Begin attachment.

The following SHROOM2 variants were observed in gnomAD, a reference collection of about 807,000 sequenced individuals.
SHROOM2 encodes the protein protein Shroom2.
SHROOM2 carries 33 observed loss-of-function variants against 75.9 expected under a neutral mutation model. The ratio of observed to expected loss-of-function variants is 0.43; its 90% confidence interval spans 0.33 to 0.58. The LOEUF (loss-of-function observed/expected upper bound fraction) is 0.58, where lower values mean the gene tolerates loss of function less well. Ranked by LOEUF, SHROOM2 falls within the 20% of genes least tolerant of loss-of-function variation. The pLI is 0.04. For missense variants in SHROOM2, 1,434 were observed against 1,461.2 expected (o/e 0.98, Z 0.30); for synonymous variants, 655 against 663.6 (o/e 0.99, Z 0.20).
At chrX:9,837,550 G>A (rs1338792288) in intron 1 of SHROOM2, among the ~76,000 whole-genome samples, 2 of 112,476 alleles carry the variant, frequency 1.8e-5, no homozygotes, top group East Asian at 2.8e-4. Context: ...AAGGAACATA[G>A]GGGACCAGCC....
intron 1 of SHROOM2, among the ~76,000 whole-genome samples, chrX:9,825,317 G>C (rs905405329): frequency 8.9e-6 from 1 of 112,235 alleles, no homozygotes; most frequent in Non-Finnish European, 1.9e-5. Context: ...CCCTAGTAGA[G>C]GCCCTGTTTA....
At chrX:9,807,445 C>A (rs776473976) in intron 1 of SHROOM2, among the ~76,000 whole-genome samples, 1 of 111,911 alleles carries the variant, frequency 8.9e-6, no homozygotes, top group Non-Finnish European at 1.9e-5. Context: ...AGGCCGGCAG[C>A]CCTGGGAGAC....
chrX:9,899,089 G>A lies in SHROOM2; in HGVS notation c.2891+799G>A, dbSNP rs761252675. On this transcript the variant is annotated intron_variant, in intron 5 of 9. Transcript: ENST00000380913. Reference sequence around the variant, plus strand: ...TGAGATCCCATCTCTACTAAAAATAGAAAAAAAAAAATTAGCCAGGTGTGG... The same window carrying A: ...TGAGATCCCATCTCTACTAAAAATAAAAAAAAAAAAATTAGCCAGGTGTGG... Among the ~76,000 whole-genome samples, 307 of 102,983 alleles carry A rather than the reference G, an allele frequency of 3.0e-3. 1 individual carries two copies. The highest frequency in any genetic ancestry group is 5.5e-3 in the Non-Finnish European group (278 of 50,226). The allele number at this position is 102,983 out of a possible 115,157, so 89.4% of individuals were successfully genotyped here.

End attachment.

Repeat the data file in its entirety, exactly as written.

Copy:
The following SHROOM2 variants were observed in gnomAD, a reference collection of about 807,000 sequenced individuals.
SHROOM2 encodes the protein protein Shroom2.
SHROOM2 carries 33 observed loss-of-function variants against 75.9 expected under a neutral mutation model. The ratio of observed to expected loss-of-function variants is 0.43; its 90% confidence interval spans 0.33 to 0.58. The LOEUF (loss-of-function observed/expected upper bound fraction) is 0.58, where lower values mean the gene tolerates loss of function less well. Ranked by LOEUF, SHROOM2 falls within the 20% of genes least tolerant of loss-of-function variation. The pLI is 0.04. For missense variants in SHROOM2, 1,434 were observed against 1,461.2 expected (o/e 0.98, Z 0.30); for synonymous variants, 655 against 663.6 (o/e 0.99, Z 0.20).
At chrX:9,837,550 G>A (rs1338792288) in intron 1 of SHROOM2, among the ~76,000 whole-genome samples, 2 of 112,476 alleles carry the variant, frequency 1.8e-5, no homozygotes, top group East Asian at 2.8e-4. Context: ...AAGGAACATA[G>A]GGGACCAGCC....
intron 1 of SHROOM2, among the ~76,000 whole-genome samples, chrX:9,825,317 G>C (rs905405329): frequency 8.9e-6 from 1 of 112,235 alleles, no homozygotes; most frequent in Non-Finnish European, 1.9e-5. Context: ...CCCTAGTAGA[G>C]GCCCTGTTTA....
At chrX:9,807,445 C>A (rs776473976) in intron 1 of SHROOM2, among the ~76,000 whole-genome samples, 1 of 111,911 alleles carries the variant, frequency 8.9e-6, no homozygotes, top group Non-Finnish European at 1.9e-5. Context: ...AGGCCGGCAG[C>A]CCTGGGAGAC....
chrX:9,899,089 G>A lies in SHROOM2; in HGVS notation c.2891+799G>A, dbSNP rs761252675. On this transcript the variant is annotated intron_variant, in intron 5 of 9. Transcript: ENST00000380913. Reference sequence around the variant, plus strand: ...TGAGATCCCATCTCTACTAAAAATAGAAAAAAAAAAATTAGCCAGGTGTGG... The same window carrying A: ...TGAGATCCCATCTCTACTAAAAATAAAAAAAAAAAAATTAGCCAGGTGTGG... Among the ~76,000 whole-genome samples, 307 of 102,983 alleles carry A rather than the reference G, an allele frequency of 3.0e-3. 1 individual carries two copies. The highest frequency in any genetic ancestry group is 5.5e-3 in the Non-Finnish European group (278 of 50,226). The allele number at this position is 102,983 out of a possible 115,157, so 89.4% of individuals were successfully genotyped here.